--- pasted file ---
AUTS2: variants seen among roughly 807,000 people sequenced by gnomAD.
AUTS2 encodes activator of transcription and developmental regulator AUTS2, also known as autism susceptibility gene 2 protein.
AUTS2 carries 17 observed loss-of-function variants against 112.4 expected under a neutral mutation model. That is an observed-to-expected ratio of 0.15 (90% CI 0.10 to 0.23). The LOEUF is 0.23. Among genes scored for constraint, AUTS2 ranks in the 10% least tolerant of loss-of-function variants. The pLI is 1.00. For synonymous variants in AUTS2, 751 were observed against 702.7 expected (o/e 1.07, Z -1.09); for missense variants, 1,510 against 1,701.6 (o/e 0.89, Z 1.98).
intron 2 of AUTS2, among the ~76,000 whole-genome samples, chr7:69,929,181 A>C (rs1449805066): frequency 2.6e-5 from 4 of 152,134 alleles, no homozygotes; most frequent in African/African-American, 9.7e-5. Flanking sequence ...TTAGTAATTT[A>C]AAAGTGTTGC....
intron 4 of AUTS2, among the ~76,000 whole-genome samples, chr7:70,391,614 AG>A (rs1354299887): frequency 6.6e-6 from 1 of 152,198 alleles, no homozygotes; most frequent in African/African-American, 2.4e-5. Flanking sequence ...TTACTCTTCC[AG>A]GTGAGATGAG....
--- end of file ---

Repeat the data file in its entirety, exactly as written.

AUTS2: variants seen among roughly 807,000 people sequenced by gnomAD.
AUTS2 encodes activator of transcription and developmental regulator AUTS2, also known as autism susceptibility gene 2 protein.
AUTS2 carries 17 observed loss-of-function variants against 112.4 expected under a neutral mutation model. That is an observed-to-expected ratio of 0.15 (90% CI 0.10 to 0.23). The LOEUF is 0.23. Among genes scored for constraint, AUTS2 ranks in the 10% least tolerant of loss-of-function variants. The pLI is 1.00. For synonymous variants in AUTS2, 751 were observed against 702.7 expected (o/e 1.07, Z -1.09); for missense variants, 1,510 against 1,701.6 (o/e 0.89, Z 1.98).
intron 2 of AUTS2, among the ~76,000 whole-genome samples, chr7:69,929,181 A>C (rs1449805066): frequency 2.6e-5 from 4 of 152,134 alleles, no homozygotes; most frequent in African/African-American, 9.7e-5. Flanking sequence ...TTAGTAATTT[A>C]AAAGTGTTGC....
intron 4 of AUTS2, among the ~76,000 whole-genome samples, chr7:70,391,614 AG>A (rs1354299887): frequency 6.6e-6 from 1 of 152,198 alleles, no homozygotes; most frequent in African/African-American, 2.4e-5. Flanking sequence ...TTACTCTTCC[AG>A]GTGAGATGAG....